Phoenix Man Sentenced to 35 Years for Role in Deadly Fayette Kidnappings

LEXINGTON, Ky. — A Phoenix man, Rosario Diaz Barraza, 32, was sentenced to 35 years in federal prison, on Tuesday, by U.S. District Court Judge Karen Caldwell, after previously being convicted of conspiracy to commit kidnapping and interstate transportation of stolen automobiles.

According to evidence presented at trial, the charges stemmed from the kidnappings of two individuals, identified in court records as J.O. and M.A.T.O.  Both victims were killed during the commission of the kidnappings.  Their bodies were discovered in the trunk of a Volkswagen Jetta, on September 11, 2017, at 430 Blue Sky Parkway, in Lexington.

That location was an automotive repair business owned by J.O.  Two vehicles belonging to J.O. were stolen during the offenses and transported to Wilkes-Barre, Pennsylvania.  Evidence presented at trial revealed that Camacho Zepeda and Diaz Barraza were distributing kilogram quantities of cocaine and heroin in Lexington, and that J.O. had incurred a debt to them, based on his involvement in the drug trafficking.  Testimony by a pathologist from the Kentucky Medical Examiner’s Office established that J.O.’s cause of death was attributed to “chop wounds” to the head and asphyxiation.  The second victim, M.A.T.O., died from asphyxiation.

Diaz Barraza was convicted at trial, in April 2022.  Two additional defendants, Ramon Camacho Zepeda, 54, of Lexington, and John Carlos Betancourt, 27, of Penuelas, Puerto Rico, were also convicted for their roles in the kidnappings, in April 2022, and are awaiting sentencing.

Two other defendants, Jose Felix Tlatenchi, 39, of Wilkes-Barre, and Jean Michael Serrano-Jimenez, 31, of Hanover Township, Penn., previously entered guilty pleas relating to their involvement.  Serrano-Jimenez pled guilty as charged to conspiracy to commit kidnapping, while Tlatenchi pled guilty as an accessory after the fact to the kidnappings.  Both are also currently awaiting sentencing.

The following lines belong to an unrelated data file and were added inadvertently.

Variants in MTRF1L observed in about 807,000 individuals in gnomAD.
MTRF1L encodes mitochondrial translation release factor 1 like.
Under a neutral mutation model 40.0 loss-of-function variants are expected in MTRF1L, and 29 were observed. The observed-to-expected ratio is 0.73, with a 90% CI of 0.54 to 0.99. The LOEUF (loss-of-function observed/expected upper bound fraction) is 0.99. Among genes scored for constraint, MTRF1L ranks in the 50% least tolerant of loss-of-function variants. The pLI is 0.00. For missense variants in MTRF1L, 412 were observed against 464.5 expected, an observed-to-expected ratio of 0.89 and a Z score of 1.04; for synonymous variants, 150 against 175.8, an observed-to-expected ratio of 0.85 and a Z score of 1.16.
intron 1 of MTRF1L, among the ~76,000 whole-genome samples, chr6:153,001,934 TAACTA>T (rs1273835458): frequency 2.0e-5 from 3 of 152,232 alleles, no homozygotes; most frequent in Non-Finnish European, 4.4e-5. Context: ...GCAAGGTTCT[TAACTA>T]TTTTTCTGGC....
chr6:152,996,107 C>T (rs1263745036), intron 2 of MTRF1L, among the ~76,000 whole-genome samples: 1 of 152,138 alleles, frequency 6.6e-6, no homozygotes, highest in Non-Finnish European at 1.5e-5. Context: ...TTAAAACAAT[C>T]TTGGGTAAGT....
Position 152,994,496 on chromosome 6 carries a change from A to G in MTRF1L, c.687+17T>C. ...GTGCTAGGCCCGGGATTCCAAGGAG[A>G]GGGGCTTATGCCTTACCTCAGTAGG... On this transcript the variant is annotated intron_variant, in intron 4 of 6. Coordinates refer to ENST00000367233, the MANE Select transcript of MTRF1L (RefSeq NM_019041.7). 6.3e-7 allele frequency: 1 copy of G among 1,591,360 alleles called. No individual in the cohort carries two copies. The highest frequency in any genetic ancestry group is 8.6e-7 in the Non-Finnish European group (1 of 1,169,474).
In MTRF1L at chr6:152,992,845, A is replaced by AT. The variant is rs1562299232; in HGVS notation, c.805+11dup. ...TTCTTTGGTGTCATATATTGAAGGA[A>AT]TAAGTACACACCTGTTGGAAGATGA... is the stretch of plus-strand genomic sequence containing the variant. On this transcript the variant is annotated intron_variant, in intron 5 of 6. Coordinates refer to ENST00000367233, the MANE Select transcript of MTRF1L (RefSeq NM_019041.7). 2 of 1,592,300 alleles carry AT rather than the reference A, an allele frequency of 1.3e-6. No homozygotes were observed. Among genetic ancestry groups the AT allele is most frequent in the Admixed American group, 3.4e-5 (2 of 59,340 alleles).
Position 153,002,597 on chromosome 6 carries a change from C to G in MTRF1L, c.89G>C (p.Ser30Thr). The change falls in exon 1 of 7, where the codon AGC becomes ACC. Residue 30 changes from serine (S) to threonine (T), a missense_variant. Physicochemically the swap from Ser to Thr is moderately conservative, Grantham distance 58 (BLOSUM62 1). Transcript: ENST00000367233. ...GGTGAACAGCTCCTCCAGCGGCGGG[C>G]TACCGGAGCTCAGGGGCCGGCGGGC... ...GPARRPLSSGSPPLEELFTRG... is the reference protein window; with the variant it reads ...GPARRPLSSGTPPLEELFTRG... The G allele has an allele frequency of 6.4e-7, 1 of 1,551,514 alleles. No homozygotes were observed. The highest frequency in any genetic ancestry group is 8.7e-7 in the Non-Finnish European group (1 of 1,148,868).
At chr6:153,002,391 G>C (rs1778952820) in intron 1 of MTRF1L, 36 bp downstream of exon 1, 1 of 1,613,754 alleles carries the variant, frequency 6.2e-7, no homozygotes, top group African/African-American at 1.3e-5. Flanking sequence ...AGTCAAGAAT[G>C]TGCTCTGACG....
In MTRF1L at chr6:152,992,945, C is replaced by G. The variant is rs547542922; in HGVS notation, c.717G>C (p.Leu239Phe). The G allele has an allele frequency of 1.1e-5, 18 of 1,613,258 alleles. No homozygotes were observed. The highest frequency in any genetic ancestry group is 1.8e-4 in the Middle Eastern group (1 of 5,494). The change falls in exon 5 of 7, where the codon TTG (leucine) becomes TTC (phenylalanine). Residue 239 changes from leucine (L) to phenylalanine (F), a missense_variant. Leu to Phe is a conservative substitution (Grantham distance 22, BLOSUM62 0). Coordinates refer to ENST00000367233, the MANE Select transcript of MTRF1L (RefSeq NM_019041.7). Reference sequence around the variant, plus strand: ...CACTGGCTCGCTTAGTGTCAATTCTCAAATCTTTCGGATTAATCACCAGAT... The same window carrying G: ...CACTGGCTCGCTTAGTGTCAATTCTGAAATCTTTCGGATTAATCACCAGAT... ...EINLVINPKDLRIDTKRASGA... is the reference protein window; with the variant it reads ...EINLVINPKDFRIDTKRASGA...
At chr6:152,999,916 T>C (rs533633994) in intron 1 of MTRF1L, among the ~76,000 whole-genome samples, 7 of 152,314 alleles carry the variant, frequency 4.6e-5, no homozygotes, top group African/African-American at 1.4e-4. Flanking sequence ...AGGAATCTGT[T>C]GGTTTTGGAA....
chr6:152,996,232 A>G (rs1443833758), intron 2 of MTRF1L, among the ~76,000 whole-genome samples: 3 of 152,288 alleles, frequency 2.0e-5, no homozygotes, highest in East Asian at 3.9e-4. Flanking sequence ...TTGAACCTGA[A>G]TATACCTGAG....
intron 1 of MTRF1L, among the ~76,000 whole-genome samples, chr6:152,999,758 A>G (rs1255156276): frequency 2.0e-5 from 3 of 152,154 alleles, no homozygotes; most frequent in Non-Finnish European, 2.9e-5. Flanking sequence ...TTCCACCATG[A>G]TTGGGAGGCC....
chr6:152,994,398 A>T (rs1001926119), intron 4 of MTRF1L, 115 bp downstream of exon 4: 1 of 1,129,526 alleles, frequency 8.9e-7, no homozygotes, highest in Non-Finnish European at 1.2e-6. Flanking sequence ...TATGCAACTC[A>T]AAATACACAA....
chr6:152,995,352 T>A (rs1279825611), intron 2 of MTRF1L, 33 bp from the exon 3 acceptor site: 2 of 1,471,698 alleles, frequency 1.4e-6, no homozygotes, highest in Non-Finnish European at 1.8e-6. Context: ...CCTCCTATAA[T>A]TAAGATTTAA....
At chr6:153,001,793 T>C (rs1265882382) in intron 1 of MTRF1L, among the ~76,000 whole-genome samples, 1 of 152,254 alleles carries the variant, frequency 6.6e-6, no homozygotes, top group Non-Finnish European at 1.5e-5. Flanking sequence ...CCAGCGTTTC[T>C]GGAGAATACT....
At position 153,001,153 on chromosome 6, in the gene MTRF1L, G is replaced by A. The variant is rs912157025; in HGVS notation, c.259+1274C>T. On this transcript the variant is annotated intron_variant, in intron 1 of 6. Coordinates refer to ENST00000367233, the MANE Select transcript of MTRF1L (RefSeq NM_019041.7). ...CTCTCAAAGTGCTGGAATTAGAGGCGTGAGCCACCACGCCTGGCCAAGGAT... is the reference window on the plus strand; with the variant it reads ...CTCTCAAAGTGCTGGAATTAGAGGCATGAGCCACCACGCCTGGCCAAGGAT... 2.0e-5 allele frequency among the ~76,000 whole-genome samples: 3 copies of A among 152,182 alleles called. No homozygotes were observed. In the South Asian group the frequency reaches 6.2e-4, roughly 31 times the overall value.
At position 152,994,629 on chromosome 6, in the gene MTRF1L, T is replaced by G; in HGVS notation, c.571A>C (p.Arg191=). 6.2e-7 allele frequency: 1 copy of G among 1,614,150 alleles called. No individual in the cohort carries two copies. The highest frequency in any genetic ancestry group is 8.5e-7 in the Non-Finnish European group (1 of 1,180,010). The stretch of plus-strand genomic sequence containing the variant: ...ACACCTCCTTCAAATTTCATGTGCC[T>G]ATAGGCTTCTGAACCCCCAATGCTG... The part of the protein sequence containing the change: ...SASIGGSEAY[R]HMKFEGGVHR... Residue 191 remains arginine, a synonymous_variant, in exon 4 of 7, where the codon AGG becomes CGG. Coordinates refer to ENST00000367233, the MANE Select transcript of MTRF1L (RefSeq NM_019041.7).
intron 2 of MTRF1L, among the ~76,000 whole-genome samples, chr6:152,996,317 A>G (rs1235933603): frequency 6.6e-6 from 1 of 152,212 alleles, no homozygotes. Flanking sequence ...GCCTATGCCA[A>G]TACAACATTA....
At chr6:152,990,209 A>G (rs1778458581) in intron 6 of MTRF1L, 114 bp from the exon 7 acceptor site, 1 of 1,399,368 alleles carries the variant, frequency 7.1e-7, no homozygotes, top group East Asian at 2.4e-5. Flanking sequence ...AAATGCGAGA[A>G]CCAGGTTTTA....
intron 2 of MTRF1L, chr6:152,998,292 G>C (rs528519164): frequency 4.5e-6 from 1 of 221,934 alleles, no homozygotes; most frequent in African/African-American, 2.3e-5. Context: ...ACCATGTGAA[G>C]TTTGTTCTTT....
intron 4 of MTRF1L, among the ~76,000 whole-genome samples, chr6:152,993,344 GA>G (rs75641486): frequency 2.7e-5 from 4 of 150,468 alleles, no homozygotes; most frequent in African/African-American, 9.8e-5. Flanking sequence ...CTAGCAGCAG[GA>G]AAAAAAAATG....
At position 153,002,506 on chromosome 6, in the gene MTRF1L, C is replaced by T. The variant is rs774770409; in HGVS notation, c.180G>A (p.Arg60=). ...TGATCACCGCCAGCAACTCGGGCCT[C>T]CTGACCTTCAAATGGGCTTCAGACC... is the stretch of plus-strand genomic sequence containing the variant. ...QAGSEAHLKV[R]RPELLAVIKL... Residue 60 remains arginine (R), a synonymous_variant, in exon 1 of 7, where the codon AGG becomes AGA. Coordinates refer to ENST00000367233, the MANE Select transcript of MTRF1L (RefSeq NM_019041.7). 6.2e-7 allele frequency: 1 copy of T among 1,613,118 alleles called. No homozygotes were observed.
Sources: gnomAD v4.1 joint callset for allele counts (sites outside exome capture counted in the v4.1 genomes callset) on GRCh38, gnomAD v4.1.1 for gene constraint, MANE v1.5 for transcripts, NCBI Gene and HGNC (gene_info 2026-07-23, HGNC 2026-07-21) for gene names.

Under federal law, Diaz Barraza must serve 85 percent of his prison sentence.  Upon his release from prison, he will be under the supervision of the U.S. Probation Office for five years.

“This was a brutal crime, and yet another example of the disturbing impact that illegal drug trafficking can have on communities,” said Carlton S. Shier, IV, United States Attorney for the Eastern District of Kentucky.  “Bringing those responsible for this awful crime to justice involved tireless, dedicated, and remarkable work, by both our trial team and our law enforcement partners, across several states.  The conduct in this case more than warrants the sentence imposed and should serve as a warning to those who continue to engage in this dangerous trade.  We will continue to use all the resources available to us to combat it.”

“This case further illustrates how violence and drug trafficking go hand-in-hand,” said Special Agent in Charge Todd Scott, head of the Drug Enforcement Administration’s Louisville Division.  “The heinous and brutal nature of the killings in this particular instance are reflected in the lengthy prison sentence.”

United States Attorney Shier; DEA Special Agent Scott; Colonel Phillip Burnett, Commissioner, Kentucky State Police; and Chief Lawrence Weathers, Lexington Police Department, jointly announced the sentencing.

The lengthy investigation was conducted primarily by the Lexington Police Department, the Drug Enforcement Administration, and the Kentucky State Police.  Multiple additional law enforcement agencies also provided valuable assistance, including the Wilkes-Barre, Pennsylvania Police Department, the Reading, Pennsylvania Police Department, the Pennsylvania State Police, the New York City Police Department, the Harlingen, Texas Police Department and Homeland Security Investigations.  The United States was represented in the case by Assistant U.S. Attorneys Todd Bradbury and Francisco Villalobos.